Fighting the darkness: Notre Dame and acts of faith

Archbishop Aquila

When the famous cathedral of Notre Dame de Paris went up in flames April 15, you could see and hear the pain in the faces and voices of the onlookers. People spontaneously gathered along the banks of the Seine River to sing the Hail Mary, paying tribute to the importance of Our Lady and the gift of faith.

I, too, remembered the times I prayed in the Cathedral and celebrated Mass there, and especially the adoration chapel. The sheer beauty of Notre Dame and the feats of skill involved in its construction over 800 years ago always filled me with wonder.

Paris fire brigade chaplain Father Jean-Marc Fournier also gave witness to the gift of faith when he rescued the relics of the Crown of Thorns, the Blessed Sacrament and numerous other sacred objects. He told the French magazine Famille Chrétienne that when he rescued the Blessed Sacrament it was “an act of faith. … I asked Jesus — and I really believe he is present in these hosts — to fight the flames and preserve the building dedicated to his mother.” The tragedy of the Notre Dame fire has brought forth these acts of witness to the faith.

It was also inspiring to see the outpouring of pledges for rebuilding Notre Dame that followed the blaze. Taken together, this spiritual and monetary support shows that even if people are far from the faith or not even Christian, we are all made for beauty and therefore the ultimate source of all that is true, good and beautiful, God himself.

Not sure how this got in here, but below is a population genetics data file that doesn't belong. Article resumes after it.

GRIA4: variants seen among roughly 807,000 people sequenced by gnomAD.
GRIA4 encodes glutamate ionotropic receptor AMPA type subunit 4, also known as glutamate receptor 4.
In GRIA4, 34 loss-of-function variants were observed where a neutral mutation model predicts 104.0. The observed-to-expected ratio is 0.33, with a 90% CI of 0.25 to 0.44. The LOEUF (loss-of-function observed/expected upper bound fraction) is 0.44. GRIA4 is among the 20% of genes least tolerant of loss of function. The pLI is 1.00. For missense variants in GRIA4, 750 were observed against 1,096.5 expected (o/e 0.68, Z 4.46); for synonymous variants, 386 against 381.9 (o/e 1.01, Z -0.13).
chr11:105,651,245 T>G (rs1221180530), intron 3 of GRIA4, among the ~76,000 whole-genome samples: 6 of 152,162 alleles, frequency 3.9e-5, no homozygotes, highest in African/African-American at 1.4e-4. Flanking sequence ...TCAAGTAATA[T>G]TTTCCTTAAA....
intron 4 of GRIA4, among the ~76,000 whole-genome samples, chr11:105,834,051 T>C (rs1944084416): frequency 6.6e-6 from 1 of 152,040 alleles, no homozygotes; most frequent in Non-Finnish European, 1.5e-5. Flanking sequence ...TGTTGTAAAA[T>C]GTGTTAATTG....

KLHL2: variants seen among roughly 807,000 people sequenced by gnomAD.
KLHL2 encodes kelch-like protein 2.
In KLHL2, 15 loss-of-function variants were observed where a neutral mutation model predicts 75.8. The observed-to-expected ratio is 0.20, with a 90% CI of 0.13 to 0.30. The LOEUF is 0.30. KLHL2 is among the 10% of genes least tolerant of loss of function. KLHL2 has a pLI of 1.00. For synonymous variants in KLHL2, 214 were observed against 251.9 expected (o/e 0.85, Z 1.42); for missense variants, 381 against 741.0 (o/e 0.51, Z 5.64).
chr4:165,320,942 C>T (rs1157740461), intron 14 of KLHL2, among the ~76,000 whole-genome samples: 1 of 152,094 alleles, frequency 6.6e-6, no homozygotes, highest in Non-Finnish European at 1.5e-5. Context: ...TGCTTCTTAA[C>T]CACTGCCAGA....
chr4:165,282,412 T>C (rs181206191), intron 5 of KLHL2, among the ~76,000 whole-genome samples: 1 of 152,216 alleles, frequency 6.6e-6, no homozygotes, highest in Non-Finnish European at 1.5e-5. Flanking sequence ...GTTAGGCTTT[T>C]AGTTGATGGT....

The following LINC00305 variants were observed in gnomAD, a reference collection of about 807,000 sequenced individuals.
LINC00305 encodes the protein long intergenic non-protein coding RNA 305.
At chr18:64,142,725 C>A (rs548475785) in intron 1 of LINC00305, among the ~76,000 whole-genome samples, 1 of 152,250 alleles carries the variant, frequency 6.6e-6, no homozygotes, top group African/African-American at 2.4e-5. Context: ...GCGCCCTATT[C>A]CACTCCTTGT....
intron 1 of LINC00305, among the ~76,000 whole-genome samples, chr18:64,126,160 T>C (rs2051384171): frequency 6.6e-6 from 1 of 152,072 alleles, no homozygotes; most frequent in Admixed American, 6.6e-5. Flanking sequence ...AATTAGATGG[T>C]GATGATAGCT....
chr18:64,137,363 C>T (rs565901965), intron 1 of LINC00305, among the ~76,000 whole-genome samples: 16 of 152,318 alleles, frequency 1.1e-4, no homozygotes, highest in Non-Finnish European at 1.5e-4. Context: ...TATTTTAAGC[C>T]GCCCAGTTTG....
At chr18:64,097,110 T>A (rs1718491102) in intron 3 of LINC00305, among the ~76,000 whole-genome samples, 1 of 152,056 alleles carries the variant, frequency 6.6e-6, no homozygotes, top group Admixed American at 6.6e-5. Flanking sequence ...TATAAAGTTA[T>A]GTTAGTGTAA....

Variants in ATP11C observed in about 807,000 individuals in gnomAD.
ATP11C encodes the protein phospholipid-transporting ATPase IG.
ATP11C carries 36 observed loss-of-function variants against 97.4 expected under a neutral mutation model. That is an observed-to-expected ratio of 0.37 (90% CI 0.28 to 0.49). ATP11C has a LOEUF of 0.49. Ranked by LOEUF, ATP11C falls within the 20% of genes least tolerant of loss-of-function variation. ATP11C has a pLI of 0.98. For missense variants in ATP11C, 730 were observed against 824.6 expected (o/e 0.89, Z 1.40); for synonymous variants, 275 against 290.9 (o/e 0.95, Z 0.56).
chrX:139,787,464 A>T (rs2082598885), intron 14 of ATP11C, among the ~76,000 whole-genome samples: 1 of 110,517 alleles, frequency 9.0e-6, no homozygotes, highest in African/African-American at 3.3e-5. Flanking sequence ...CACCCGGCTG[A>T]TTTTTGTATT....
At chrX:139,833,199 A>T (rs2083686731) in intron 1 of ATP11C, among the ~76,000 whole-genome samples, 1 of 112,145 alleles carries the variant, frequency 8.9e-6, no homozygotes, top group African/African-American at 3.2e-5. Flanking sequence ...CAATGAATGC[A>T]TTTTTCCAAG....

Next weekend, May 4-5, we will launch the annual Archbishop’s Catholic Appeal in all the parishes of the Archdiocese of Denver. This appeal provides the people of northern Colorado with their chance to testify to the gift of faith and be a light to the world.

The charity of thousands of people in our archdiocese is already apparent. Through our homeless shelters, a safe place to sleep was provided for more than 200,000 nights in 2018. Our affordable housing system helped restore dignity by supplying housing for almost 1 million nights. We also fed the hungry, offering 612,158 meals to those in need. Our St. Raphael’s Counseling ministry was able to begin the healing process by counseling 667 clients, totaling thousands of hours of care.

These efforts demonstrate our love for Christ in the needy. But the Archbishop’s Catholic Appeal also brings the gift of faith to countless people in our parishes and local communities. The Office of Evangelization and Family Life Ministries trains catechists, youth ministers and parish staff in effective evangelization, provides retreats and helps engaged couples prepare for a happy, lifelong marriage. The Leadership Institute and other efforts of this office make valuable contributions to help create a culture of missionary discipleship in our archdiocese.

Perhaps the two ministries that have the most direct impact on parishes and are funded through the appeal are St. John Vianney and Redemptoris Mater Seminaries. I frequently hear from people about how impressed they are with our seminarians and their witness to the faith. This is a tribute to the dedicated efforts of the formators and professors at our two seminaries.

There are nearly 40 ministries that benefit from the appeal, so the impact of their witness is much more extensive than my brief description. Just as the unfolding of the fire at Notre Dame cathedral demonstrated the impact of faith and beauty on so many people, so too does the fruit of the annual appeal shine forth. The fruit we bear constantly reminds us that Jesus is truly risen and that he lives among us. We are able, through your generosity, to bring the love of Jesus Christ to hundreds of thousands of people in a world that desperately is searching for it. I invite you to prayerfully consider how God is calling you to join this effort.